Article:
31/01/2011 § 1 Comment
Should we continue to worship the memory of our forefathers or is it an expensive waste of time? Devotion to ancestors is widespread across the African continent where many people consult the shrines of spiritual mediums as a way of seeking advice from those that have died.
Religious leaders in the continent are alarmed by the rise in ancestral worship and claim it has no place in today’s society.
How much do ancestors influence your life? Does their memory inspire or scare you? Do you have ancestral duties yourself? Are your ancestors holding you back? Or giving you spiritual guidance?
Read comments on this and listen to World Have Your Say here.
The beginning of the program:
Presenter: “Abdul, [22yrs old male in the studio] do you identify youself as Somalian or British?”
“To what extent are you Somalian?”
-Ummm, as a person of Somalia, but I grew up in United Kingdom.
-Where were you born?
-In Saudi Arabia… – and have you been to Somalia?
-Um yeh, I’ve been twice.
-You’ve been twice… When you go and come back, do you feel a sense of connectedness in a way you havent felt it before or does it just feel like you’ve gone to visit a certain place, that you have a heritage with but are coming back home, to the United Kingdom.
-Ummm. Nah I feel like when i go back i feel like I’ve had a connection because you meet a lot of your family, you see your culture and your heritage first hand and you see what, you know, what good life people are living there, because the media makes it seem that – you know – that Somalia is a terrible place.
-Is there a good life in Somalia? presenter asks very doubtfully.
-Yeh, there is.
-What did you see?
-People living healthy. Ah, you know, even people that dont have that much to eat – the community supports them – where I went. So it shows that its not just that, you know, third world county where its just refugee camps everywhere. People are living quite well. And you get to meet a LOT of your family with is very special.
-Strong sense of community.
-“Sumsa! [18 year old girl in the studio] I can see you smiling!” – the interviewer says chuckling. “Do you feel well percieved by other British young people? – Your peers, here in the United Kingdom… as a, as a young Somali?’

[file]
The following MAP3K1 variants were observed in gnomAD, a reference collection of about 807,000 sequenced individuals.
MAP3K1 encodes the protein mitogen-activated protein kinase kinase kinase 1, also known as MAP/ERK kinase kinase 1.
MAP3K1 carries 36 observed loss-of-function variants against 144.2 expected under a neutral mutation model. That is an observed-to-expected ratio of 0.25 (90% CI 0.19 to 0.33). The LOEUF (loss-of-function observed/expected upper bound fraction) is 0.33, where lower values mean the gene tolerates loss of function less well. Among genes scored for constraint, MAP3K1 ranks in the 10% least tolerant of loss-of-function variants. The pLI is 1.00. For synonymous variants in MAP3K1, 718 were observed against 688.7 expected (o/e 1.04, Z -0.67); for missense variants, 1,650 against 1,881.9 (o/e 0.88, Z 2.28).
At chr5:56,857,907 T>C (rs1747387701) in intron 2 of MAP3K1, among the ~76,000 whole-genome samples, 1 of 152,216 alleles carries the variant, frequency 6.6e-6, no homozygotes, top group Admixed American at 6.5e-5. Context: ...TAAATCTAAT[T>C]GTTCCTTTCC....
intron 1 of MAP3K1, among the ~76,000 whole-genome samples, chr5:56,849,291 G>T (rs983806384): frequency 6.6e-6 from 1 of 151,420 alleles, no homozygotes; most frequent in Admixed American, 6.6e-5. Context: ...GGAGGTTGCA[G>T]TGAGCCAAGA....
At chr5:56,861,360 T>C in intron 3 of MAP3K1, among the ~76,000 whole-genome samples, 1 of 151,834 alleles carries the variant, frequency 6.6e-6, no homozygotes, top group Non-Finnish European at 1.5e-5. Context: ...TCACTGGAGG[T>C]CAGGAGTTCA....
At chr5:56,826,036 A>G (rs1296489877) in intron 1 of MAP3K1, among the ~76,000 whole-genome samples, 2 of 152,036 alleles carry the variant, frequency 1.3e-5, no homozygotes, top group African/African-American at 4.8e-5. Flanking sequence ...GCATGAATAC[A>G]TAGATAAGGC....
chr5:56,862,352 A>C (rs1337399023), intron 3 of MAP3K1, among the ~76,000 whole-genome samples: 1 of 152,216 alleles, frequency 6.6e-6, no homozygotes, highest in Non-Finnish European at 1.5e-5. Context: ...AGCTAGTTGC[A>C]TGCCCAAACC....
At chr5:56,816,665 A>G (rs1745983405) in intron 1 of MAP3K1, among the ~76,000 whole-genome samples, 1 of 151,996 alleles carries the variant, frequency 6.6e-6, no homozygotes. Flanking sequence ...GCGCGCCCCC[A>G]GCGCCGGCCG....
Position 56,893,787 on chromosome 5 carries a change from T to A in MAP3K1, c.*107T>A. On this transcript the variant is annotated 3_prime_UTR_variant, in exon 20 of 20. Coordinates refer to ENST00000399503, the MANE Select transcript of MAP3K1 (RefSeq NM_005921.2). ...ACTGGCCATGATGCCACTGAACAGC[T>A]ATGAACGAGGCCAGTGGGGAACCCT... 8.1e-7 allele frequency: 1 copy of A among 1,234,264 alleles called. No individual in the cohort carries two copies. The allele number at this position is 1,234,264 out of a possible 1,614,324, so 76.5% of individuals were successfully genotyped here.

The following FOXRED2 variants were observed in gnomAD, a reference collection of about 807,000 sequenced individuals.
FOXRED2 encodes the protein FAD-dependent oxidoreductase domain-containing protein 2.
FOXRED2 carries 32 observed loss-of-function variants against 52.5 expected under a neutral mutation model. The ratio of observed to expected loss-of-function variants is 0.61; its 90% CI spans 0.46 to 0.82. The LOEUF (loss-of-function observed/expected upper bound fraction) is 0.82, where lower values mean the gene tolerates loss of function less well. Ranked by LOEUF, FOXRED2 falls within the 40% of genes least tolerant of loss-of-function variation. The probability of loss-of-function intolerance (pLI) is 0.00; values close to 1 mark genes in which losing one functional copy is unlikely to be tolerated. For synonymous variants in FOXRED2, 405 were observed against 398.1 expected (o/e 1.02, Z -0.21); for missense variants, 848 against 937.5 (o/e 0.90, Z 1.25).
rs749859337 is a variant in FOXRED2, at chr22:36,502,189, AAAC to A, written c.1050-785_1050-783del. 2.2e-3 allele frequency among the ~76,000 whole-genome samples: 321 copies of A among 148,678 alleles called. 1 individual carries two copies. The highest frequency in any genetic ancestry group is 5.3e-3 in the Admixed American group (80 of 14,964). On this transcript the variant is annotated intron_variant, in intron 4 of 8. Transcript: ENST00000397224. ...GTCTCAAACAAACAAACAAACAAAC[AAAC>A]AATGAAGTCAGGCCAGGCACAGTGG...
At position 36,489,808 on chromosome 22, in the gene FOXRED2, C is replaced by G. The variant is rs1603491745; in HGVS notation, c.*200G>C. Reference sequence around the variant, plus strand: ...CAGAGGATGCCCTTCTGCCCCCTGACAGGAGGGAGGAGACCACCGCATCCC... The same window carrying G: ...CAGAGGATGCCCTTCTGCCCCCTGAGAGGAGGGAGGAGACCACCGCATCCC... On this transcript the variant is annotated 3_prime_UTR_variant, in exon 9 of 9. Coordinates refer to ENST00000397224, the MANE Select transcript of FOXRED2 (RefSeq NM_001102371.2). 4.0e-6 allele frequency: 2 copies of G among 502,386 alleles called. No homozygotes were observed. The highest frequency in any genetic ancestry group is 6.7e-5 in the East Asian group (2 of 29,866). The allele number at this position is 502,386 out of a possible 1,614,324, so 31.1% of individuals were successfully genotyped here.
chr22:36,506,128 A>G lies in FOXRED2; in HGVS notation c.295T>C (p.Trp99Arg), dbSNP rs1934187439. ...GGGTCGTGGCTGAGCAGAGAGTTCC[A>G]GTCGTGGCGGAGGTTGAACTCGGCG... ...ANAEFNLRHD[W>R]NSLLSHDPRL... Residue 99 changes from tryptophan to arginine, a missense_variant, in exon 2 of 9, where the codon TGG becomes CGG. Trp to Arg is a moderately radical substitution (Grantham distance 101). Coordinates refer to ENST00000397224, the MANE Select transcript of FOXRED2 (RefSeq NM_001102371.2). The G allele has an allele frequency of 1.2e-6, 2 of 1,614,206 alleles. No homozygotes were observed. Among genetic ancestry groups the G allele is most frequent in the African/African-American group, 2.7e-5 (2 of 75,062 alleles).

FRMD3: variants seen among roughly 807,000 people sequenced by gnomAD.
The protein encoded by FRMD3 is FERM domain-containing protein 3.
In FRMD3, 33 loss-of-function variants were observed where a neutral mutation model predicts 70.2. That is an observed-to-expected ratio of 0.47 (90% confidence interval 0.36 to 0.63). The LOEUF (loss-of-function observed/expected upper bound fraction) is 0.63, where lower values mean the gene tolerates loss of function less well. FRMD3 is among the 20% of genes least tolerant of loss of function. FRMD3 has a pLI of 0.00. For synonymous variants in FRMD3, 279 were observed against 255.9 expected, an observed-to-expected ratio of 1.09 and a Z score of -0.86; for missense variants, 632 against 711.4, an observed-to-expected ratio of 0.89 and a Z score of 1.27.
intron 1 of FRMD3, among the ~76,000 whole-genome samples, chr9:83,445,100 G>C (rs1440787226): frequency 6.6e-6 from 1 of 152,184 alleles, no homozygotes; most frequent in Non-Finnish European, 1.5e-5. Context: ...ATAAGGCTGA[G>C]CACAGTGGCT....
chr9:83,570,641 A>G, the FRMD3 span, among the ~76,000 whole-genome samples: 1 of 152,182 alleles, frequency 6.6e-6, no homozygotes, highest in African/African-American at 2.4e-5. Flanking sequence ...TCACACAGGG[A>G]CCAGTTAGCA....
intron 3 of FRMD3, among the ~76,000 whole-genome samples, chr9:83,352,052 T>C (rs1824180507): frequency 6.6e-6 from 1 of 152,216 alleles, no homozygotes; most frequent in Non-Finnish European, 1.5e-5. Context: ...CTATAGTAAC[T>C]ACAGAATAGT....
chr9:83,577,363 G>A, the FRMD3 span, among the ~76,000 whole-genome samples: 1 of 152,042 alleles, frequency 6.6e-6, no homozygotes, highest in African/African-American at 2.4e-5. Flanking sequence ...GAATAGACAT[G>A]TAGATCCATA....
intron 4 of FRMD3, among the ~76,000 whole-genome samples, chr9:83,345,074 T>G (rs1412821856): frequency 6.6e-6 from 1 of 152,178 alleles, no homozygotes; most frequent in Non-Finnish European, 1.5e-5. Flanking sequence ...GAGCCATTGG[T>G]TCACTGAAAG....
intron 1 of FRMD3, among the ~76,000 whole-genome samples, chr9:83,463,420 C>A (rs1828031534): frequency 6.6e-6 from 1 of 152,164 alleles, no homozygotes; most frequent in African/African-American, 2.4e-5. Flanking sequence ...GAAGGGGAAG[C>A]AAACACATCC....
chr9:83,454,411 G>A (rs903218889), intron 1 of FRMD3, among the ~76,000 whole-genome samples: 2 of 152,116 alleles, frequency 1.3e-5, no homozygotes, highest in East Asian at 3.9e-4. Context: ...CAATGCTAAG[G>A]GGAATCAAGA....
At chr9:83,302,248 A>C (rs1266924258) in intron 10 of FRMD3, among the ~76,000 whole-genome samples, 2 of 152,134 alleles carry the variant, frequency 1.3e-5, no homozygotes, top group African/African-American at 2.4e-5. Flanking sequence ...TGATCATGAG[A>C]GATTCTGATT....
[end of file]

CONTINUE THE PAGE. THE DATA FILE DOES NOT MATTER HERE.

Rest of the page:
-Like do I feel connected, do you mean?
-Yes do you feel connected?
-Like do you feel accepted?
-You do feel accepted?
-Yes, I do.
Listen to hear the rest.
…”I get a sense right now as i speak to the young Somalis right now… there appears to be a gap between the two generations, a different way of thinking and perception I hear the young people, and I could be wrong, saying that well that was then, this is now, that was them, this is us. Would you say you’re getting a similar sence ther in Manisota?”….
This is also interesting because you get to witness a conversation between two radio stations and two studios across the Pacific, the vast space between them have never been so obvious to me. It also becomes obvious how much rests on the attractiveness of the new homeland culture to the individual immigrant.
The young people in the UK studio; 22 born in Saudi Arabia, 21 born in Italy, 23 born in Somalia moved to Holland at the age of 2, 18 born in UK. How can these people own their identity so well – speak with ethnic accents!?
14/07/2010 § Leave a comment
I found myself absolutely captivated by this interview.
Because of how open and positively retrospective Barbara Want is. She doesn’t make it easy, she talks about how angry it made her that people would just say “if there’s anything I can do let me know”, unapologetically informing the world that that wasn’t good enough. She discloses things she had felt she had to keep very secrete in the past, such as having made a list of people she wished death upon because she thought they had behaved badly following her husband’s death. She lets us in to view her raw, hardly censored (- and this is very important, I think) emotional opinions and with that thrown into question what we think we are as human beings. To some degree it is self-sacrificial. Maybe its going a little bit far but to me when raw emotions are offered up to be inspected in such a way they are being surrendered as hugely valuable case studies to psychology, sociology and even philosophy.
Here is a transcribed taster from the interview:
Do you think your anger that you say you felt, to some degree simply exaggerated your personality, that you were quite an angry person and this just brought it out? the presenter asks.